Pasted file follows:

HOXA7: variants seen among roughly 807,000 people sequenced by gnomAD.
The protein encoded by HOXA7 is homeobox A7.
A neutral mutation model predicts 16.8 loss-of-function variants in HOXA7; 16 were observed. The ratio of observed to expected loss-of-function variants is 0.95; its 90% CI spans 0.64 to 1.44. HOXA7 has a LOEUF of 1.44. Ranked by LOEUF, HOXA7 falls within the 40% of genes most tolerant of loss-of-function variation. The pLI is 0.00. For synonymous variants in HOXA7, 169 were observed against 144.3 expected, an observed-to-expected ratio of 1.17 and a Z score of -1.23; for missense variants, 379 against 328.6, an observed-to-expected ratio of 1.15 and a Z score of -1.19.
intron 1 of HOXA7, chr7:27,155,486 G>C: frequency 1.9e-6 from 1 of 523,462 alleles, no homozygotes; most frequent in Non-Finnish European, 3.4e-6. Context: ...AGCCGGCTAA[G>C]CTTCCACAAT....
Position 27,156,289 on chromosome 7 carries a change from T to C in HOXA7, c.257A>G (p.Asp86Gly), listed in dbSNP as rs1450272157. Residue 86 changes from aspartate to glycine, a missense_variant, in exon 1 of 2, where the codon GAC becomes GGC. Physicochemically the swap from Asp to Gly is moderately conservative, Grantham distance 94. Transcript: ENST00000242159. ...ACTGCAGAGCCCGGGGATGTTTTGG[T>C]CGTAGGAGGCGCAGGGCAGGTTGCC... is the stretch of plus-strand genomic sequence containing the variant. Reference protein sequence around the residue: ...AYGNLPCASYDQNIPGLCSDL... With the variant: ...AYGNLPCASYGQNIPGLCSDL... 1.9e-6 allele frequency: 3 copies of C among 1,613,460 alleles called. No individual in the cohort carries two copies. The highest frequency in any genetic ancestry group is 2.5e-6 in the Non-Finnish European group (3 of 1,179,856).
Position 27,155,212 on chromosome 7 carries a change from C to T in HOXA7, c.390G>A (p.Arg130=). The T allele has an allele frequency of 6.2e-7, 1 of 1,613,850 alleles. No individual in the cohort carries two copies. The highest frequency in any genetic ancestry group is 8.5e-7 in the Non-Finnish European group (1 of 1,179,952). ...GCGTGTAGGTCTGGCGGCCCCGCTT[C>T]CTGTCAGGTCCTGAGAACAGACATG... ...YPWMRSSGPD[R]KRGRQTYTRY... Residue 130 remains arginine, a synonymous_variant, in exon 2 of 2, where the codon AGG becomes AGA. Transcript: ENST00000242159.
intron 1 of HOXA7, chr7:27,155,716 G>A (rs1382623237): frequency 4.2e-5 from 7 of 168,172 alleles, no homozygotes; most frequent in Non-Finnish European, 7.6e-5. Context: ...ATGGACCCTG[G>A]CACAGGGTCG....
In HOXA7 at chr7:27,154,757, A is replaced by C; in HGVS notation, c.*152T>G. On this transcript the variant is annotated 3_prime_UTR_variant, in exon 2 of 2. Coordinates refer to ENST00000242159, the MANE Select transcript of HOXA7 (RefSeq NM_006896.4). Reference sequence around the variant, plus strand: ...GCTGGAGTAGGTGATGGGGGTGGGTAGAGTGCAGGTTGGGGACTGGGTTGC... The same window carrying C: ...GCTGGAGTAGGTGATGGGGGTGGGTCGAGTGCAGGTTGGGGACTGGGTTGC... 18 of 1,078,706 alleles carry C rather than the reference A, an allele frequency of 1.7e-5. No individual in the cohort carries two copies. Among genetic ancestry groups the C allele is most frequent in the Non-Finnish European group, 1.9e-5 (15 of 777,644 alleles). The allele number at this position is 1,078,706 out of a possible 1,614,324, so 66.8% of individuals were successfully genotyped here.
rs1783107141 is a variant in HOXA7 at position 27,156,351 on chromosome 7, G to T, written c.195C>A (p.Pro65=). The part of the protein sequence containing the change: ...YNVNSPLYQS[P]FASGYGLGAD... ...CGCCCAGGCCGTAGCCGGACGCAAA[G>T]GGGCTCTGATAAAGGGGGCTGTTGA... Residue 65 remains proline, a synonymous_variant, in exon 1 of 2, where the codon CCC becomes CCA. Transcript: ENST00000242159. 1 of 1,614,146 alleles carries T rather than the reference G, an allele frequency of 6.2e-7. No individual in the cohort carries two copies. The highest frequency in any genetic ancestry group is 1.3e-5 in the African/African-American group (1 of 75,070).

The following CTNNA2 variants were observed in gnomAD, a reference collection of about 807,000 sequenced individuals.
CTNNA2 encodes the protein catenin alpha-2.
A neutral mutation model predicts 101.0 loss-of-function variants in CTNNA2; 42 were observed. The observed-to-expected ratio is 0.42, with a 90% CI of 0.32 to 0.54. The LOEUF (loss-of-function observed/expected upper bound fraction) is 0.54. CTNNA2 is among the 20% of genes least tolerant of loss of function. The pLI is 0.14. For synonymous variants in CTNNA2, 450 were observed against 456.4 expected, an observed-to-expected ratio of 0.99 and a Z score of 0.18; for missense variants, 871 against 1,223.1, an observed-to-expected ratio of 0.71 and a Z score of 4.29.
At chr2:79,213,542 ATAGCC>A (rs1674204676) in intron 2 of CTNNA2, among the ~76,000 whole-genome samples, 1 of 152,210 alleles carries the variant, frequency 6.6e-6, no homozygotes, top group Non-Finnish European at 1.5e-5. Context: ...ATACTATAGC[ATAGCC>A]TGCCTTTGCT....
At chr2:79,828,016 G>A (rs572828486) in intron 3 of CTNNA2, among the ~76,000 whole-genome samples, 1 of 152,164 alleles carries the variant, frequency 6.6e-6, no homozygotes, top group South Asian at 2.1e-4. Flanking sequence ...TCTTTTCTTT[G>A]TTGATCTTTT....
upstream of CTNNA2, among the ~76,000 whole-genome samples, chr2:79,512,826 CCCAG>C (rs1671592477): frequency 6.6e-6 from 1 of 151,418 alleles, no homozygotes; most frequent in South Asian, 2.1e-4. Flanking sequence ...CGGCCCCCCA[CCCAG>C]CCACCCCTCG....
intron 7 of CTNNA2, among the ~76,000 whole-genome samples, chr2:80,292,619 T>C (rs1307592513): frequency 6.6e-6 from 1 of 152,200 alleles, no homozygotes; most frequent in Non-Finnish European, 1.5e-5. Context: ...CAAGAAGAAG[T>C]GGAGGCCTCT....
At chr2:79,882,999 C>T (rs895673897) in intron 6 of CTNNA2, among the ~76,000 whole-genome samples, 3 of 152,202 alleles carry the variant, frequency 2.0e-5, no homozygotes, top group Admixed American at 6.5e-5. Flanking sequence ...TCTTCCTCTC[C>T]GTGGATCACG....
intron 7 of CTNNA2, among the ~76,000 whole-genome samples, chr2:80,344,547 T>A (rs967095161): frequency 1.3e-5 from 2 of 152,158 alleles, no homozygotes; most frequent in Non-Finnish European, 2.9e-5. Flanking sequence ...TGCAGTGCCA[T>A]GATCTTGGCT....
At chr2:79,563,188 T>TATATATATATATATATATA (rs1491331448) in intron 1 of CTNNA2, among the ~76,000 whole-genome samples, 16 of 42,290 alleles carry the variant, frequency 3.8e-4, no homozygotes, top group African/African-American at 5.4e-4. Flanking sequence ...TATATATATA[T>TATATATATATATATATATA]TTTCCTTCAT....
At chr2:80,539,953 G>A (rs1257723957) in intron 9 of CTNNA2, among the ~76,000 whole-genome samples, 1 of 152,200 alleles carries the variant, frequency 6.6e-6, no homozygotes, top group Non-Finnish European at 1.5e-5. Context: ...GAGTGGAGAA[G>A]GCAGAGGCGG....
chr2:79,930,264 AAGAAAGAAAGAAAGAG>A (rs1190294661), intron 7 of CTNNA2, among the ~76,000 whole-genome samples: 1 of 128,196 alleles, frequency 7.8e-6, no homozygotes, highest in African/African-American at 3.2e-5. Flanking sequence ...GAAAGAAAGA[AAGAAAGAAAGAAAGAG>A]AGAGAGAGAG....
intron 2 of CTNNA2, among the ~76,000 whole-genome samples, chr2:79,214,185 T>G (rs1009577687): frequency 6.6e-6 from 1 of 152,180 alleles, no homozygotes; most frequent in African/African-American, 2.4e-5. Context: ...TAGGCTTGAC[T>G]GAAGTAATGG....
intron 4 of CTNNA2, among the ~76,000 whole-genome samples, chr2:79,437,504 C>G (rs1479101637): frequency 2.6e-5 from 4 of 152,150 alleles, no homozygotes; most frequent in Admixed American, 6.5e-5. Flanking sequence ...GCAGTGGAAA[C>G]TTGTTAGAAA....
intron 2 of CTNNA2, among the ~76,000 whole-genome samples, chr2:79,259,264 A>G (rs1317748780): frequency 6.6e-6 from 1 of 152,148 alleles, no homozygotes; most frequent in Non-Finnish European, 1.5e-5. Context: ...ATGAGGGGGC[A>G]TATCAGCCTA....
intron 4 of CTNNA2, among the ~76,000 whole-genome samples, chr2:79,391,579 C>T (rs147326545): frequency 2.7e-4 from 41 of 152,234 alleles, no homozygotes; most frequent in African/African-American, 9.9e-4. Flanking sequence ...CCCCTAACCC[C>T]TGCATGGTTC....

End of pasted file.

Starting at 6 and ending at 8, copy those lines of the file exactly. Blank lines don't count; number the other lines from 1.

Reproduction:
Position 27,155,212 on chromosome 7 carries a change from C to T in HOXA7, c.390G>A (p.Arg130=). The T allele has an allele frequency of 6.2e-7, 1 of 1,613,850 alleles. No individual in the cohort carries two copies. The highest frequency in any genetic ancestry group is 8.5e-7 in the Non-Finnish European group (1 of 1,179,952). ...GCGTGTAGGTCTGGCGGCCCCGCTT[C>T]CTGTCAGGTCCTGAGAACAGACATG... ...YPWMRSSGPD[R]KRGRQTYTRY... Residue 130 remains arginine, a synonymous_variant, in exon 2 of 2, where the codon AGG becomes AGA. Transcript: ENST00000242159.
intron 1 of HOXA7, chr7:27,155,716 G>A (rs1382623237): frequency 4.2e-5 from 7 of 168,172 alleles, no homozygotes; most frequent in Non-Finnish European, 7.6e-5. Context: ...ATGGACCCTG[G>A]CACAGGGTCG....
In HOXA7 at chr7:27,154,757, A is replaced by C; in HGVS notation, c.*152T>G. On this transcript the variant is annotated 3_prime_UTR_variant, in exon 2 of 2. Coordinates refer to ENST00000242159, the MANE Select transcript of HOXA7 (RefSeq NM_006896.4). Reference sequence around the variant, plus strand: ...GCTGGAGTAGGTGATGGGGGTGGGTAGAGTGCAGGTTGGGGACTGGGTTGC... The same window carrying C: ...GCTGGAGTAGGTGATGGGGGTGGGTCGAGTGCAGGTTGGGGACTGGGTTGC... 18 of 1,078,706 alleles carry C rather than the reference A, an allele frequency of 1.7e-5. No individual in the cohort carries two copies. Among genetic ancestry groups the C allele is most frequent in the Non-Finnish European group, 1.9e-5 (15 of 777,644 alleles). The allele number at this position is 1,078,706 out of a possible 1,614,324, so 66.8% of individuals were successfully genotyped here.